Your right to know: Plug this hole
If Pennsylvania’s open-records law is to deliver on its promise of greater transparency, government can’t be allowed to form private agencies (then hide behind them) to escape public scrutiny — and courts must uphold an Office of Open Records ruling to that effect.
The ruling says the Pennsylvania State Association of Township Supervisors is a “local agency” subject to open-records requests under the law because the Legislature created it, The Patriot-News of Harrisburg reports. The association is appealing the ruling in Cumberland County Court; the issue could end up before the state Supreme Court.
If the Office of Open Records ruling is upheld — as it must be, for transparency’s sake — the township supervisors association wouldn’t be the only such group whose communications with state government are affected.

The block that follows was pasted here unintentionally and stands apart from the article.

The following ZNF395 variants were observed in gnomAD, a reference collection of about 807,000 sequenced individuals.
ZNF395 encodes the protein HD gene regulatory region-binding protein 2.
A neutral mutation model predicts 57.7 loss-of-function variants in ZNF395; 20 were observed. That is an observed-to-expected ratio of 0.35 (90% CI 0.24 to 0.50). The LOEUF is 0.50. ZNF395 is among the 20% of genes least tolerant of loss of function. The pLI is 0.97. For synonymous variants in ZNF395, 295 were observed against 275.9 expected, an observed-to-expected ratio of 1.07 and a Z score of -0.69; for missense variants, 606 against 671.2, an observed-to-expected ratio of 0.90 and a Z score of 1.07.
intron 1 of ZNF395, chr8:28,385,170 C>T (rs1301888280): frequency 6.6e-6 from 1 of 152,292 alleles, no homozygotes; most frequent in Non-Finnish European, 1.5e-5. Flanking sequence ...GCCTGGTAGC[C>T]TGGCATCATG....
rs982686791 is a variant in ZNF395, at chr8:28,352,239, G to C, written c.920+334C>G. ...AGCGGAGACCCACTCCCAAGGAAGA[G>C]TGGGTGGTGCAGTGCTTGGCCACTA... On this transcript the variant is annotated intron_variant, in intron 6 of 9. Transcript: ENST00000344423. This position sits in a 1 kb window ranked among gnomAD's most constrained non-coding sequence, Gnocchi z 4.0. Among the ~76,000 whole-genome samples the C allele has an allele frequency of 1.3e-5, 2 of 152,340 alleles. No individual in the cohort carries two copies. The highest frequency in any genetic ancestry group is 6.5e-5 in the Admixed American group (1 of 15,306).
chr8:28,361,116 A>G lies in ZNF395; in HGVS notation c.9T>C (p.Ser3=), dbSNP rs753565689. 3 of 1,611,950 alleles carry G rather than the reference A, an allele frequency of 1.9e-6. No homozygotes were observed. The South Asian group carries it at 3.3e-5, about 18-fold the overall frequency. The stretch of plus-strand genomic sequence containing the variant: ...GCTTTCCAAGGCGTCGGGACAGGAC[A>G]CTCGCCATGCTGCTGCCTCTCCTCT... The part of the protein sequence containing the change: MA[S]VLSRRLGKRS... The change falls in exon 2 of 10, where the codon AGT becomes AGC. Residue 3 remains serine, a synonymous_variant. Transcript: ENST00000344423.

John L. Gedid, a Widener Law School professor, cites the Pennsylvania County Commissioners Association, Pennsylvania League of Cities and Municipalities, Pennsylvania Boroughs Association and Pennsylvania School Boards Association as examples of organizations that would be subject to the open-records law, too.
He agrees that such associations can’t be allowed to circumvent the law to hide their lobbying activities from the public.
Such groups weren’t subject to the state’s old, weaker open-records law. But they must be subject to the current, stronger one. Otherwise, too many officials at the local and county levels will exploit too big a loophole in the people’s right to know.